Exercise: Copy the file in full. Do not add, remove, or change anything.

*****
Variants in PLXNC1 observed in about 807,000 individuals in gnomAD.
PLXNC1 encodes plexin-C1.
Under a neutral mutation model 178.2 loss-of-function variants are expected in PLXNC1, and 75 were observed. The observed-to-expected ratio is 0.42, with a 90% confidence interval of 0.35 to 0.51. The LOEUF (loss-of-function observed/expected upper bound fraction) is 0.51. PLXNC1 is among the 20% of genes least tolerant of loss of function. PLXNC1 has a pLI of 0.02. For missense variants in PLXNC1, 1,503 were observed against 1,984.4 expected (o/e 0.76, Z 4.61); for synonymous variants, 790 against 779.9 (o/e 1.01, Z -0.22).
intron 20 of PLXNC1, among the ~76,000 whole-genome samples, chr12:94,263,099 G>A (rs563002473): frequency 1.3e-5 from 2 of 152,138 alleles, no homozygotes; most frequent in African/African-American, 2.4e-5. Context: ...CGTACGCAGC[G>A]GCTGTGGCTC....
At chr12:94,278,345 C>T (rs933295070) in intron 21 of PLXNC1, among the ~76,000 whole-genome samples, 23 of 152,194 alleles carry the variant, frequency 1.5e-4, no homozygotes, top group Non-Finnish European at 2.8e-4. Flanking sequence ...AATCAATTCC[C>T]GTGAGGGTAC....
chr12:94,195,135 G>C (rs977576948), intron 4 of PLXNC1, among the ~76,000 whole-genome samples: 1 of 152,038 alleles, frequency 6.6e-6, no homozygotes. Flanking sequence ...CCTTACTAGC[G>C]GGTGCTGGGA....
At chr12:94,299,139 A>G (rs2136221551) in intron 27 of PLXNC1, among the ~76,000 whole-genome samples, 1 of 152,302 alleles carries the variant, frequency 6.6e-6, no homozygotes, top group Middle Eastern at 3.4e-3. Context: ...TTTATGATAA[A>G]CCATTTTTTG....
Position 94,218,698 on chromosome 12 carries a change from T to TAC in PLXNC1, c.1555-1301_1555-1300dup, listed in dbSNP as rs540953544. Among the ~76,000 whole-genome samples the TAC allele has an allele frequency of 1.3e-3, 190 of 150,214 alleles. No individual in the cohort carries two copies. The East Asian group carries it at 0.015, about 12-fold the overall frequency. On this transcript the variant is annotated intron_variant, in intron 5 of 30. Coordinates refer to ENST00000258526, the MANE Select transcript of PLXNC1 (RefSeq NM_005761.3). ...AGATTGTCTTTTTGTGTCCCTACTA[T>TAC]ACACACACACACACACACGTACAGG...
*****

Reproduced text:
Variants in PLXNC1 observed in about 807,000 individuals in gnomAD.
PLXNC1 encodes plexin-C1.
Under a neutral mutation model 178.2 loss-of-function variants are expected in PLXNC1, and 75 were observed. The observed-to-expected ratio is 0.42, with a 90% confidence interval of 0.35 to 0.51. The LOEUF (loss-of-function observed/expected upper bound fraction) is 0.51. PLXNC1 is among the 20% of genes least tolerant of loss of function. PLXNC1 has a pLI of 0.02. For missense variants in PLXNC1, 1,503 were observed against 1,984.4 expected (o/e 0.76, Z 4.61); for synonymous variants, 790 against 779.9 (o/e 1.01, Z -0.22).
intron 20 of PLXNC1, among the ~76,000 whole-genome samples, chr12:94,263,099 G>A (rs563002473): frequency 1.3e-5 from 2 of 152,138 alleles, no homozygotes; most frequent in African/African-American, 2.4e-5. Context: ...CGTACGCAGC[G>A]GCTGTGGCTC....
At chr12:94,278,345 C>T (rs933295070) in intron 21 of PLXNC1, among the ~76,000 whole-genome samples, 23 of 152,194 alleles carry the variant, frequency 1.5e-4, no homozygotes, top group Non-Finnish European at 2.8e-4. Flanking sequence ...AATCAATTCC[C>T]GTGAGGGTAC....
chr12:94,195,135 G>C (rs977576948), intron 4 of PLXNC1, among the ~76,000 whole-genome samples: 1 of 152,038 alleles, frequency 6.6e-6, no homozygotes. Flanking sequence ...CCTTACTAGC[G>C]GGTGCTGGGA....
At chr12:94,299,139 A>G (rs2136221551) in intron 27 of PLXNC1, among the ~76,000 whole-genome samples, 1 of 152,302 alleles carries the variant, frequency 6.6e-6, no homozygotes, top group Middle Eastern at 3.4e-3. Context: ...TTTATGATAA[A>G]CCATTTTTTG....
Position 94,218,698 on chromosome 12 carries a change from T to TAC in PLXNC1, c.1555-1301_1555-1300dup, listed in dbSNP as rs540953544. Among the ~76,000 whole-genome samples the TAC allele has an allele frequency of 1.3e-3, 190 of 150,214 alleles. No individual in the cohort carries two copies. The East Asian group carries it at 0.015, about 12-fold the overall frequency. On this transcript the variant is annotated intron_variant, in intron 5 of 30. Coordinates refer to ENST00000258526, the MANE Select transcript of PLXNC1 (RefSeq NM_005761.3). ...AGATTGTCTTTTTGTGTCCCTACTA[T>TAC]ACACACACACACACACACGTACAGG...